MOBILE TECH EXPO: SALUTING INDUSTRY LEGENDS
One On One With Bob McKee And Mike Phillips…
By Ellen McKoy
Twenty years ago, a former Pan American World Airways executive took a leap of faith. Having jumped feet first into publishing in 1995 with Mobile Tech News, Kevin Halewood embarked on his next venture, launching the first-ever trade show for the detailing and S.M.A.R.T. markets.
As Mobile Tech Expo marks its 20th anniversary in January at the Rosen Shingle Creek in Orlando, there is much to celebrate. Over the years, the Show has grown in size, scope, and stature. So, too, have the niche markets it represents. From little-known cottage industries, detailing and S.M.A.R.T services have blossomed into full-fledged professional market segments.
So, in honor of the 20th Show, we are also shining a spotlight on industry legends, forward-thinking detailing and PDR pros whose wisdom and support have contributed to the growth and progress of both the Show and the industry. For this first article, Mobile Tech Digest spoke with two well-known influencers: Bob McKee of McKee’s 37 and Mike Phillips of Autogeek.
From Carnivals To Chemicals
Bob McKee, founder of Autogeek, now heads up McKee’s 37.
Growing up in New Jersey, Bob McKee was so intrigued by the carnival-style rides and games of chance found on the Jersey Shore boardwalks that he worked part-time as a “carney” while in high school. He later purchased several booths and spent 15 years as “an entrepreneur on the Seaside Heights boardwalk” before moving to Florida in 1982, where he opened the Driver’s Seat.
The retail outlets sold high-end automotive accessories. But as the business climate evolved, McKee embraced change. “Business was changing,” he recalled. “I could see the Internet was going to make brick-and-mortar more challenging.” To keep pace, he launched Palm Beach Motoring Accessories, which produced a mail-order catalog, but soon moved to online sales.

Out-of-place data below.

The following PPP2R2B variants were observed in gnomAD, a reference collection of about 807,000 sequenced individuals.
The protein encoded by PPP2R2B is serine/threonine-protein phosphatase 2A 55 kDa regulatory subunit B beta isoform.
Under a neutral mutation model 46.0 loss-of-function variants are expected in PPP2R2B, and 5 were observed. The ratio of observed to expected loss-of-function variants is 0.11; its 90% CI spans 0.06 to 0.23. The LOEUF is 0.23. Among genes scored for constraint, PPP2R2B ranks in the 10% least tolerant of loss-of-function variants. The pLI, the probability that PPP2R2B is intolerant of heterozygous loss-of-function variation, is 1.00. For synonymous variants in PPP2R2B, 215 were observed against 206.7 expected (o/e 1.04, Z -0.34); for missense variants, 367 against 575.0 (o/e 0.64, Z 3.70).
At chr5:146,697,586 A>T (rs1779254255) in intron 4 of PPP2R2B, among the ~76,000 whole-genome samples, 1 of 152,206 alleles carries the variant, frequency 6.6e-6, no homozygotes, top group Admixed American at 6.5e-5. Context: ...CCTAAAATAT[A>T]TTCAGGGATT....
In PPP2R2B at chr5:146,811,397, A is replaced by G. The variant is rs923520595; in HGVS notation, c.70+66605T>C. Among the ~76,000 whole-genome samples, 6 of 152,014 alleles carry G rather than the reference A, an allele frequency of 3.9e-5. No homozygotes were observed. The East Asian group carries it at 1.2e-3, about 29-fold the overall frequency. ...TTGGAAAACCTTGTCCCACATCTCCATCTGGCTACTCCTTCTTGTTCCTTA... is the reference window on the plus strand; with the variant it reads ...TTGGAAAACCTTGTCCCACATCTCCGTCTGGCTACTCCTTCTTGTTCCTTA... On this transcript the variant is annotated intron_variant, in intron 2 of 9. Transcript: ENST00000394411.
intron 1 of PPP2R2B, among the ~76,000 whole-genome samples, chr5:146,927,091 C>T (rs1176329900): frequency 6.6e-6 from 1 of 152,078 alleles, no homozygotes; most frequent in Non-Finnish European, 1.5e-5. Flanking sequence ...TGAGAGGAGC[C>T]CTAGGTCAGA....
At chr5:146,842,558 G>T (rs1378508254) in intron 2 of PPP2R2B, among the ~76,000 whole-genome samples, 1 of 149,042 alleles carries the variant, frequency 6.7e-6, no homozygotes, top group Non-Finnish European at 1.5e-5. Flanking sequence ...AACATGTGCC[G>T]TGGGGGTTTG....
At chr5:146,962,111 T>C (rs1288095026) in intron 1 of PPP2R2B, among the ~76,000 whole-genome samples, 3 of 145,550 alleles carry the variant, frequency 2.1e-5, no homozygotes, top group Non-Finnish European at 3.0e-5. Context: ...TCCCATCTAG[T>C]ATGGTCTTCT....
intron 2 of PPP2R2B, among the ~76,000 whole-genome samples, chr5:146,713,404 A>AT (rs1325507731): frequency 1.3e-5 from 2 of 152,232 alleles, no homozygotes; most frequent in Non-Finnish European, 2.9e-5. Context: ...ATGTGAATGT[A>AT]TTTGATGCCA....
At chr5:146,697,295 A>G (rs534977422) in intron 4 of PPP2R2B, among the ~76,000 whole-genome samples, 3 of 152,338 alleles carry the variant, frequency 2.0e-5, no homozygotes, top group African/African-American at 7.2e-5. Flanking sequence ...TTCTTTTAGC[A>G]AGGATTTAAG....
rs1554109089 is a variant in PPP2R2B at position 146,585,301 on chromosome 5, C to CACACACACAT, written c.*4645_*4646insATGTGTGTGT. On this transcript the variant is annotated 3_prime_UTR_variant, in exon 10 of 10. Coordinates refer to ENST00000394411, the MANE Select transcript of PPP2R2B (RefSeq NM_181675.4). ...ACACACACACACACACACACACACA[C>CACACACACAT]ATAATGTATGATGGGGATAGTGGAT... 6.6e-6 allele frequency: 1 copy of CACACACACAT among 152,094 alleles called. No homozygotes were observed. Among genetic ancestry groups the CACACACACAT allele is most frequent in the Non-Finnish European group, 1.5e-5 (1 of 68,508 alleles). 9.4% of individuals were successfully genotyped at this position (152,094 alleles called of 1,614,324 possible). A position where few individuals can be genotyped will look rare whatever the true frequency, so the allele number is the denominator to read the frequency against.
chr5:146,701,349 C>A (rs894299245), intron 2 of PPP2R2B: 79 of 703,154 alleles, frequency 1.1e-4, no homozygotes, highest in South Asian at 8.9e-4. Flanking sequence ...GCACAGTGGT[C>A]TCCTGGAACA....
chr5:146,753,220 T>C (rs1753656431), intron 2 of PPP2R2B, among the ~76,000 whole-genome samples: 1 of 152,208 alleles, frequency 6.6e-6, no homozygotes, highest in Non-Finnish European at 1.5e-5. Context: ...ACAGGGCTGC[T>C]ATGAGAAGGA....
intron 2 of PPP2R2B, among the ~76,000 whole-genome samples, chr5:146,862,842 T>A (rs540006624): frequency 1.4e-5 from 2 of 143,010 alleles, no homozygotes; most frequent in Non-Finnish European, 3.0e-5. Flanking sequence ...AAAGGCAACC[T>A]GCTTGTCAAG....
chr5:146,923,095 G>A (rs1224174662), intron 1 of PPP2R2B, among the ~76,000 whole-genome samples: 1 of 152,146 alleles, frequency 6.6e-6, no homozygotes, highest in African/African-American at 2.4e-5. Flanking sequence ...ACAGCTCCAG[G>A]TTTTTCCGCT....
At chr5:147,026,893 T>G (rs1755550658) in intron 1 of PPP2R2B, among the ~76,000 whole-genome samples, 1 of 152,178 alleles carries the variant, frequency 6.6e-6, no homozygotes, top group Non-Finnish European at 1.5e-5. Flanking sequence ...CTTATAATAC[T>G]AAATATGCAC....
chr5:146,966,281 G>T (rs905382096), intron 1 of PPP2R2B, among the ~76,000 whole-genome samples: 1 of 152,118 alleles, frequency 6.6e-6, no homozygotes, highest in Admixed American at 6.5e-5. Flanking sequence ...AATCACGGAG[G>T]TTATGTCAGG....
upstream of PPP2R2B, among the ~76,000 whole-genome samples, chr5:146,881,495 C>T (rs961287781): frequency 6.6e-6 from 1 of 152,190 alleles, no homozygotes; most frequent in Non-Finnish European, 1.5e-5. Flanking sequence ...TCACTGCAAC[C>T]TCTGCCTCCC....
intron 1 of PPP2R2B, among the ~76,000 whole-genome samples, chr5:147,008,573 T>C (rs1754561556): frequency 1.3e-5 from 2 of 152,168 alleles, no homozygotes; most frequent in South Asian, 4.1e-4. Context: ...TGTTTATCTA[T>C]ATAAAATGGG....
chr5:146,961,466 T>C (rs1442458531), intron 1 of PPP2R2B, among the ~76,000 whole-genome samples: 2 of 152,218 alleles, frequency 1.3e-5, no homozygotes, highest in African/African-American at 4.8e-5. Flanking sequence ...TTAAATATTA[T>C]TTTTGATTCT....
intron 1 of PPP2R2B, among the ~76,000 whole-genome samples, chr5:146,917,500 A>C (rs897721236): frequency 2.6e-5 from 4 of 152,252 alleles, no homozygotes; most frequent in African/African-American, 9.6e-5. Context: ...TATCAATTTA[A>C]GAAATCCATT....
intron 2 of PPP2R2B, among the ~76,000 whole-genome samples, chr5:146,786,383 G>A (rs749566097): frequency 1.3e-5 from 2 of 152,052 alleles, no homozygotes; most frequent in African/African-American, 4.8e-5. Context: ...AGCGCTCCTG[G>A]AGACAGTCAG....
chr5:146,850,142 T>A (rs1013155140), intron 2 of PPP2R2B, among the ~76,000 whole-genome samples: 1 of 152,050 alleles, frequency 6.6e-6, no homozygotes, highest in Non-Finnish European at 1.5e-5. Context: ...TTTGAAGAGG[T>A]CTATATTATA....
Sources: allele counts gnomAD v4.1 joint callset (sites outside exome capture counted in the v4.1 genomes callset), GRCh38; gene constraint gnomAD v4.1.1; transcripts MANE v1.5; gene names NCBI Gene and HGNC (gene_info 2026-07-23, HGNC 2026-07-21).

An early adopter of online sales, McKee established Palm Beach Motor Accessories, which was renamed Autogeek.
To enhance his online presence, McKee renamed the company Autogeek. It was a hit. From a 400-sq.-ft. space with three employees, Autogeek expanded into a 50,000-sq.-ft. facility with 50 employees. “There was a tremendous growth spurt,” said McKee, “but I could have never done it without the team.”
McKee continued to innovate. An early advocate of education, McKee populated Autogeek’s website with articles on car-care problems and Autogeek solutions—and he hired Mike Phillips as director of training. Known for his detailing and training prowess, Phillips helped raise Autogeek’s profile, hosting the company’s TV show, “What’s in the Garage,” and as a brand ambassador. “Hiring Mike was one of the best decisions I ever made,” said McKee.
McKee further cemented his firm’s reputation by creating proprietary brands like the Wolfgang Concours Series, Pinnacle Black Label 850 and Marine 31, among others. “Anybody can resell other peoples’ goods,” said McKee. “So during the Autogeek times, I knew we needed house brands to remain competitive in the future.”
McKee also founded Detail Fest in 2006. In 10 years, the show grew from a few cars to more than 300 and featured industry luminaries Dennis Gage, Barry Meguiar, Chris Jacobs and Wayne Carini, now a minority partner in McKee’s 37.
Bob McKee with “Chasing Classic Cars” Wayne Carini, now a minority partner in McKee’s 37.
Tony George of Hulman and Company acquired Autogeek in 2015. McKee, however, retained the McKee’s 37 and McKee’s RV brands and was finally able to pursue his passion to develop branded surface-enhancement products for auto, marine and RV applications.
In reflecting on his successful career, McKee said Mobile Tech Expo played an integral role. “It was something my Autogeek team thought would be the best way to grow the business,” he recalled. “And it is still the best investment on return of any show that we do. From the educational seminars to the quality of the exhibitors and attendees, it’s unlike any other show. To be part of this industry as it’s grown from a cottage industry to a legitimate business is very rewarding.